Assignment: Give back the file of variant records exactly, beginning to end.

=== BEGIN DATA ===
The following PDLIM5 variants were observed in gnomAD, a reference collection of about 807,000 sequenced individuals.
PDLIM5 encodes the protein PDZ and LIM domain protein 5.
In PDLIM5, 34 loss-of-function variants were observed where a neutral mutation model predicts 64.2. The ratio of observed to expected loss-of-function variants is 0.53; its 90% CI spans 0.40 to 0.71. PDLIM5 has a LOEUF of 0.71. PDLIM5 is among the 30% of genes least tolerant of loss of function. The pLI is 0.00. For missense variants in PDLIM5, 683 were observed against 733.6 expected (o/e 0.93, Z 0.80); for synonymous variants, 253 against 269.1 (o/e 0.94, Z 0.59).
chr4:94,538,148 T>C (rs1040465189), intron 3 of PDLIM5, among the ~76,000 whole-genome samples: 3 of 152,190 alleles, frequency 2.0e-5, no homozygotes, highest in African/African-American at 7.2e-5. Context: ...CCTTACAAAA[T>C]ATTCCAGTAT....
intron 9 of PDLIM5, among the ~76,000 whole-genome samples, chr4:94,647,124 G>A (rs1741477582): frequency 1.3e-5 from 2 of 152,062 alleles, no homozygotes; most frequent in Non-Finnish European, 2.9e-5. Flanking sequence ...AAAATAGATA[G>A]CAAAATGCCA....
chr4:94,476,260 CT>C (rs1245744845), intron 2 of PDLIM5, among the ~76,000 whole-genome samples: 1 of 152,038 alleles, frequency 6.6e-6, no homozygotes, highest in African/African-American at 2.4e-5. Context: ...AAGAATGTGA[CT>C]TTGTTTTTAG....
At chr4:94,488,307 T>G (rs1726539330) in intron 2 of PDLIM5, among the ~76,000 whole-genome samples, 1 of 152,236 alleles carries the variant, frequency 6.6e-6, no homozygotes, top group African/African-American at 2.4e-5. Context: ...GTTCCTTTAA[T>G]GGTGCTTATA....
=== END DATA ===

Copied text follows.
The following PDLIM5 variants were observed in gnomAD, a reference collection of about 807,000 sequenced individuals.
PDLIM5 encodes the protein PDZ and LIM domain protein 5.
In PDLIM5, 34 loss-of-function variants were observed where a neutral mutation model predicts 64.2. The ratio of observed to expected loss-of-function variants is 0.53; its 90% CI spans 0.40 to 0.71. PDLIM5 has a LOEUF of 0.71. PDLIM5 is among the 30% of genes least tolerant of loss of function. The pLI is 0.00. For missense variants in PDLIM5, 683 were observed against 733.6 expected (o/e 0.93, Z 0.80); for synonymous variants, 253 against 269.1 (o/e 0.94, Z 0.59).
chr4:94,538,148 T>C (rs1040465189), intron 3 of PDLIM5, among the ~76,000 whole-genome samples: 3 of 152,190 alleles, frequency 2.0e-5, no homozygotes, highest in African/African-American at 7.2e-5. Context: ...CCTTACAAAA[T>C]ATTCCAGTAT....
intron 9 of PDLIM5, among the ~76,000 whole-genome samples, chr4:94,647,124 G>A (rs1741477582): frequency 1.3e-5 from 2 of 152,062 alleles, no homozygotes; most frequent in Non-Finnish European, 2.9e-5. Flanking sequence ...AAAATAGATA[G>A]CAAAATGCCA....
chr4:94,476,260 CT>C (rs1245744845), intron 2 of PDLIM5, among the ~76,000 whole-genome samples: 1 of 152,038 alleles, frequency 6.6e-6, no homozygotes, highest in African/African-American at 2.4e-5. Context: ...AAGAATGTGA[CT>C]TTGTTTTTAG....
At chr4:94,488,307 T>G (rs1726539330) in intron 2 of PDLIM5, among the ~76,000 whole-genome samples, 1 of 152,236 alleles carries the variant, frequency 6.6e-6, no homozygotes, top group African/African-American at 2.4e-5. Context: ...GTTCCTTTAA[T>G]GGTGCTTATA....